Election 2010 Lookahead: Friday 16 April

The who, when and where of the campaign.

Liberal Democrats

A busy day ahead for Liberal Democrat leader Nick Clegg, who will be campaigning in Warrington and Hull today, stopping off at Warrington Rugby League Football Club to meet the team with Lib Dem candidate for Warrington South, Jo Crotty, at the Halliwell Jones Stadium in Warrington (10am) and meeting engineers at a training session at HETA Hull on Copenhagen Road in Hull with the Lib Dem candidate for Hull North, Denis Healy (1.45pm).

He will also take part in an online Q&A with students on online forum The Student Room.


A quiet day for the Conservative party folowing yesterday evening's televised election debate. Travel delays caused by the Icelandic ash cloud may affect campaigning.


A quiet day for the Labour party folowing yesterday evening's televised election debate. Travel delays caused by the Icelandic ash cloud may affect campaigning. Labour will air an election broadcast on BBC Two (7.55pm), ITV1 (6.25pm), BBC1, (6.55pm), Five (7.25pm) and Channel 4 (7.55pm).

Other parties

Plaid Cymru will air an election broadcast on Channel Five (7.55pm).

The Media

Expect analysis of yesterday evening's televised election debate on ITV with Prime Minister Gordon Brown, Conservative Party leader David Cameron and Liberal Democrat leader Nick Clegg to enter full swing. R4's Today programme interviews representatives of minor parties including the BNP, UKIP, Green Party, SNP and Plaid Cymru.Some repite from television coverage this evening of the three main parties following yesterday evening's debate.

Away from the campaign

The Broadway theatre in Barking is to host 'Spin The Election', a festival of arts described as 'an artistic response to all the hype and hubris' of the 6 May general election. Barking is the constituency in which BNP leader Nick Griffin is standing against Labour incumbent Margaret Hodge. It will open with 'A Day at the Racists', a new piece of political theatre about the rise of the BNP by Anders Lustgarten.

In Wales today an 84-year old is due to be sentenced for planting a revenge bomb after he was overcharged by his dentist. Peter McShane, 84, of Pembroke Dock, Wales, will be sentenced on eight charges. He planted a fake bomb outside the surgery, glued up the locks and stole a wall plaque following a visit to the dentist in 2007 when he was charged £183.


Follow the New Statesman team on Facebook.

Ben Pruchnie/Getty Images
Show Hide image

Commons Confidential: Fearing the Wigan warrior

An electoral clash, select committee elections as speed dating, and Ed Miliband’s political convalescence.

Members of Labour’s disconsolate majority, sitting in tight knots in the tearoom as the MP with the best maths skills calculates who will survive and who will die, based on the latest bad poll, observe that Jeremy Corbyn has never been so loyal to the party leadership. The past 13 months, one told me, have been the Islington rebel’s longest spell without voting against Labour. The MP was contradicted by a colleague who argued that, in voting against Trident renewal, Corbyn had defied party policy. There is Labour chatter that an early general election would be a mercy killing if it put the party out of its misery and removed Corbyn next year. In 2020, it is judged, defeat will be inevitable.

The next London mayoral contest is scheduled for the same date as a 2020 election: 7 May. Sadiq Khan’s people whisper that when they mentioned the clash to ministers, they were assured it won’t happen. They are uncertain whether this indicates that the mayoral contest will be moved, or that there will be an early general election. Intriguing.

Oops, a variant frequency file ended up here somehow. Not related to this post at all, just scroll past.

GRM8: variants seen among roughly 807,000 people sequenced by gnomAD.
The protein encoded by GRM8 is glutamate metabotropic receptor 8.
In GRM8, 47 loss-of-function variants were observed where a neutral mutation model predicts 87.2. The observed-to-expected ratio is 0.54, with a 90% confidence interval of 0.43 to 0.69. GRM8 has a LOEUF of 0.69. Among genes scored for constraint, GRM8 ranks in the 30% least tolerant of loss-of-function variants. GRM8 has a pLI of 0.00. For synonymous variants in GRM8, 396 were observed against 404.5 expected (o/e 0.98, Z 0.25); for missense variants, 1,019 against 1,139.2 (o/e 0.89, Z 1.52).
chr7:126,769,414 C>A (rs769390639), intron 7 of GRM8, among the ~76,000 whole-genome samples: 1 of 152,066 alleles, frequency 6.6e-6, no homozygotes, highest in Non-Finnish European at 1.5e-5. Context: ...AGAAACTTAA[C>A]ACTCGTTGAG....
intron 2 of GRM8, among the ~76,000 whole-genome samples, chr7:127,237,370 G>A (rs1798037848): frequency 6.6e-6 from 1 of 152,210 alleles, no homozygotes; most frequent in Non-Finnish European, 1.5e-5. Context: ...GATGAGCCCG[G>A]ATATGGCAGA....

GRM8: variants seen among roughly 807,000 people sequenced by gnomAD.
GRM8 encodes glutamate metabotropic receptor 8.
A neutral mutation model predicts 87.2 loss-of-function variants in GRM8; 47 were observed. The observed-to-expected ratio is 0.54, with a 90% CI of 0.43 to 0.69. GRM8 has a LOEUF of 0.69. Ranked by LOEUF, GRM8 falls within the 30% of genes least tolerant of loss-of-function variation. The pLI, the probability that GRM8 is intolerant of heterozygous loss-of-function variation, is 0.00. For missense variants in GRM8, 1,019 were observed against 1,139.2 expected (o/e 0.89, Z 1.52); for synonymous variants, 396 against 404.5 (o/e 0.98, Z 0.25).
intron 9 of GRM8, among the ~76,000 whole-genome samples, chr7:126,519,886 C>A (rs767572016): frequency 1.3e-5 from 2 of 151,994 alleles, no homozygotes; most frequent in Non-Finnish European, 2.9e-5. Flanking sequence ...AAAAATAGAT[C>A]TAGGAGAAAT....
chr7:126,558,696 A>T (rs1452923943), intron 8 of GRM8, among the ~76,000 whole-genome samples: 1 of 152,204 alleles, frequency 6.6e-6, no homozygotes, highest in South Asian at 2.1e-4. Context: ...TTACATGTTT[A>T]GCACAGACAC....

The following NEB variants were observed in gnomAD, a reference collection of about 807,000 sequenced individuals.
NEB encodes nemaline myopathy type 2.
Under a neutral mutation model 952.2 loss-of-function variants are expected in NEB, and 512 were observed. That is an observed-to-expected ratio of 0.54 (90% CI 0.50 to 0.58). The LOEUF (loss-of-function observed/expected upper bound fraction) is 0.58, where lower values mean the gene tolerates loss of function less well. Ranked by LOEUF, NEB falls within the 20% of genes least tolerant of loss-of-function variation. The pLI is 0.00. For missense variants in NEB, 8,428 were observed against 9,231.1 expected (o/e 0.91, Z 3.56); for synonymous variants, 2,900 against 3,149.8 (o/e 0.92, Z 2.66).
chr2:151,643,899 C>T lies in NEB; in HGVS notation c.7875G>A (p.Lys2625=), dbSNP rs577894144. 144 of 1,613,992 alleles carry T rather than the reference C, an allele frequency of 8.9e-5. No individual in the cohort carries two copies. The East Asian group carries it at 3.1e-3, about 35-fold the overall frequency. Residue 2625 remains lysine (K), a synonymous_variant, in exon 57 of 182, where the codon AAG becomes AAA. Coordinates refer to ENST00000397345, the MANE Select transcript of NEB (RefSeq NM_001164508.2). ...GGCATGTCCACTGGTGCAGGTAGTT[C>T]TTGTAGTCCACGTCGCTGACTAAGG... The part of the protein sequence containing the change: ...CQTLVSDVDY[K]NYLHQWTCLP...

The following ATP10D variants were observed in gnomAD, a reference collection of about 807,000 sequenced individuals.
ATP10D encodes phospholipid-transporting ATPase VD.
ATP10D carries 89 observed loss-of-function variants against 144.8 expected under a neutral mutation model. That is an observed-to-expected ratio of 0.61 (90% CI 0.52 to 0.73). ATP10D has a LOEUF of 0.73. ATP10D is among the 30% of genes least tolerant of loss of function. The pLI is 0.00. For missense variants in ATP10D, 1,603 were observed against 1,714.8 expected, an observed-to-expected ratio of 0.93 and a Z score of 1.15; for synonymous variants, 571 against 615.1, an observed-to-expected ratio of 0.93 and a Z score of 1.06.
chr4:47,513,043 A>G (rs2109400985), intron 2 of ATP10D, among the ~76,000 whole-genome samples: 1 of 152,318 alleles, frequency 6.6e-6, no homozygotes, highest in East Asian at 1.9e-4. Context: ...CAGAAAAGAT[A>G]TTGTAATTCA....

An unguarded retort from the peer Jim O’Neill seems to confirm that a dispute over the so-called Northern Powerhouse triggered his walkout from the Treasury last month. O’Neill, a fanboy of George Osborne and a former Goldman Sachs chief economist, gave no reason when he quit Theresa May’s government and resigned the Tory whip in the Lords. He joined the dots publicly when the Resolution Foundation’s director, Torsten Bell, queried the northern project. “Are you related to the PM?” shot back the Mancunian O’Neill. It’s the way he tells ’em.

Talk has quietened in Westminster Labour ranks of a formal challenge to Corbyn since this year’s attempt backfired, but the Tories fear Lisa Nandy, should the leader fall under a solar-powered ecotruck selling recycled organic knitwear.

The Wigan warrior is enjoying favourable reviews for her forensic examination of the troubled inquiry into historic child sex abuse. After Nandy put May on the spot, the Tory three-piece suit Alec Shelbrooke was overheard muttering: “I hope she never runs for leader.” Anna Soubry and Nicky Morgan, the Thelma and Louise of Tory opposition to Mayhem, were observed nodding in agreement.

Select committee elections are like speed dating. “Who are you?” inquired Labour’s Kevan Jones (Granite Central)of a stranger seeking his vote. She explained that she was Victoria Borwick, the Tory MP for Kensington, but that didn’t help. “This is the first time you’ve spoken to me,” Jones continued, “so the answer’s no.” The aloof Borwick lost, by the way.

Ed Miliband is joining Labour’s relaunched Tribune Group of MPs to continue his political convalescence. Next stop: the shadow cabinet?

Kevin Maguire is Associate Editor (Politics) on the Daily Mirror and author of our Commons Confidential column on the high politics and low life in Westminster. An award-winning journalist, he is in frequent demand on television and radio and co-authored a book on great parliamentary scandals. He was formerly Chief Reporter on the Guardian and Labour Correspondent on the Daily Telegraph.

This article first appeared in the 27 October 2016 issue of the New Statesman, American Rage